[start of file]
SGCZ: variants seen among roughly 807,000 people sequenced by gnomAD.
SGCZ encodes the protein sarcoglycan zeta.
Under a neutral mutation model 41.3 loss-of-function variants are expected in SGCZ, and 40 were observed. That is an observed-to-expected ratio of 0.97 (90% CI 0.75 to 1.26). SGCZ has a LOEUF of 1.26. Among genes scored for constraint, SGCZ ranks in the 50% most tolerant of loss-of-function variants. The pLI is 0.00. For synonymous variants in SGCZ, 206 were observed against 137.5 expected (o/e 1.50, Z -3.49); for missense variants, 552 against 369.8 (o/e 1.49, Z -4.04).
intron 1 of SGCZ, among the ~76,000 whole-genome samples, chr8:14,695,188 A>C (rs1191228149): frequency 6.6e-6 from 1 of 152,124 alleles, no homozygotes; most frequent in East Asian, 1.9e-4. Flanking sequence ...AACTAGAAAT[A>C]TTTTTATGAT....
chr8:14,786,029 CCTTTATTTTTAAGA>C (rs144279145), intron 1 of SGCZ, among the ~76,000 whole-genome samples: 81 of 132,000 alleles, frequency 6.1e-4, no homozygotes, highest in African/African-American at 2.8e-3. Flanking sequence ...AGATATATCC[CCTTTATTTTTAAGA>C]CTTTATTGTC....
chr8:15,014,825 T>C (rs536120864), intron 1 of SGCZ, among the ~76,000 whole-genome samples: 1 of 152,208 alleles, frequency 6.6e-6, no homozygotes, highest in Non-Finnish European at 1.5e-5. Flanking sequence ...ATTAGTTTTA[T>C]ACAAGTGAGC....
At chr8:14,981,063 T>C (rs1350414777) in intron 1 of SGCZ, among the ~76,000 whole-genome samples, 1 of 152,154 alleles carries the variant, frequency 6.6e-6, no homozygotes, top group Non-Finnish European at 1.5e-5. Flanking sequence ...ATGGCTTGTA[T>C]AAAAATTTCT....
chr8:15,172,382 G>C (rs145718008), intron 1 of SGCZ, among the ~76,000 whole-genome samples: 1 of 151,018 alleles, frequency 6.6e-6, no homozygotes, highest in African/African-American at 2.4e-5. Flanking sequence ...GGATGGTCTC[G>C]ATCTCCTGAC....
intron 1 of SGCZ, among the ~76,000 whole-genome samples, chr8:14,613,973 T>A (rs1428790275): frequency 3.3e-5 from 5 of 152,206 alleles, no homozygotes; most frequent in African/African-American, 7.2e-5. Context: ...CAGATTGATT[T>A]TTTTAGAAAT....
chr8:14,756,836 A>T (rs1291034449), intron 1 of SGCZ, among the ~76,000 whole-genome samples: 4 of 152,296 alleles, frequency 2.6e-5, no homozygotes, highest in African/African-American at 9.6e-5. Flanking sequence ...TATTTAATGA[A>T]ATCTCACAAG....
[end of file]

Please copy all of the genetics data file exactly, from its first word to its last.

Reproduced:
SGCZ: variants seen among roughly 807,000 people sequenced by gnomAD.
SGCZ encodes the protein sarcoglycan zeta.
Under a neutral mutation model 41.3 loss-of-function variants are expected in SGCZ, and 40 were observed. That is an observed-to-expected ratio of 0.97 (90% CI 0.75 to 1.26). SGCZ has a LOEUF of 1.26. Among genes scored for constraint, SGCZ ranks in the 50% most tolerant of loss-of-function variants. The pLI is 0.00. For synonymous variants in SGCZ, 206 were observed against 137.5 expected (o/e 1.50, Z -3.49); for missense variants, 552 against 369.8 (o/e 1.49, Z -4.04).
intron 1 of SGCZ, among the ~76,000 whole-genome samples, chr8:14,695,188 A>C (rs1191228149): frequency 6.6e-6 from 1 of 152,124 alleles, no homozygotes; most frequent in East Asian, 1.9e-4. Flanking sequence ...AACTAGAAAT[A>C]TTTTTATGAT....
chr8:14,786,029 CCTTTATTTTTAAGA>C (rs144279145), intron 1 of SGCZ, among the ~76,000 whole-genome samples: 81 of 132,000 alleles, frequency 6.1e-4, no homozygotes, highest in African/African-American at 2.8e-3. Flanking sequence ...AGATATATCC[CCTTTATTTTTAAGA>C]CTTTATTGTC....
chr8:15,014,825 T>C (rs536120864), intron 1 of SGCZ, among the ~76,000 whole-genome samples: 1 of 152,208 alleles, frequency 6.6e-6, no homozygotes, highest in Non-Finnish European at 1.5e-5. Flanking sequence ...ATTAGTTTTA[T>C]ACAAGTGAGC....
At chr8:14,981,063 T>C (rs1350414777) in intron 1 of SGCZ, among the ~76,000 whole-genome samples, 1 of 152,154 alleles carries the variant, frequency 6.6e-6, no homozygotes, top group Non-Finnish European at 1.5e-5. Flanking sequence ...ATGGCTTGTA[T>C]AAAAATTTCT....
chr8:15,172,382 G>C (rs145718008), intron 1 of SGCZ, among the ~76,000 whole-genome samples: 1 of 151,018 alleles, frequency 6.6e-6, no homozygotes, highest in African/African-American at 2.4e-5. Flanking sequence ...GGATGGTCTC[G>C]ATCTCCTGAC....
intron 1 of SGCZ, among the ~76,000 whole-genome samples, chr8:14,613,973 T>A (rs1428790275): frequency 3.3e-5 from 5 of 152,206 alleles, no homozygotes; most frequent in African/African-American, 7.2e-5. Context: ...CAGATTGATT[T>A]TTTTAGAAAT....
chr8:14,756,836 A>T (rs1291034449), intron 1 of SGCZ, among the ~76,000 whole-genome samples: 4 of 152,296 alleles, frequency 2.6e-5, no homozygotes, highest in African/African-American at 9.6e-5. Flanking sequence ...TATTTAATGA[A>T]ATCTCACAAG....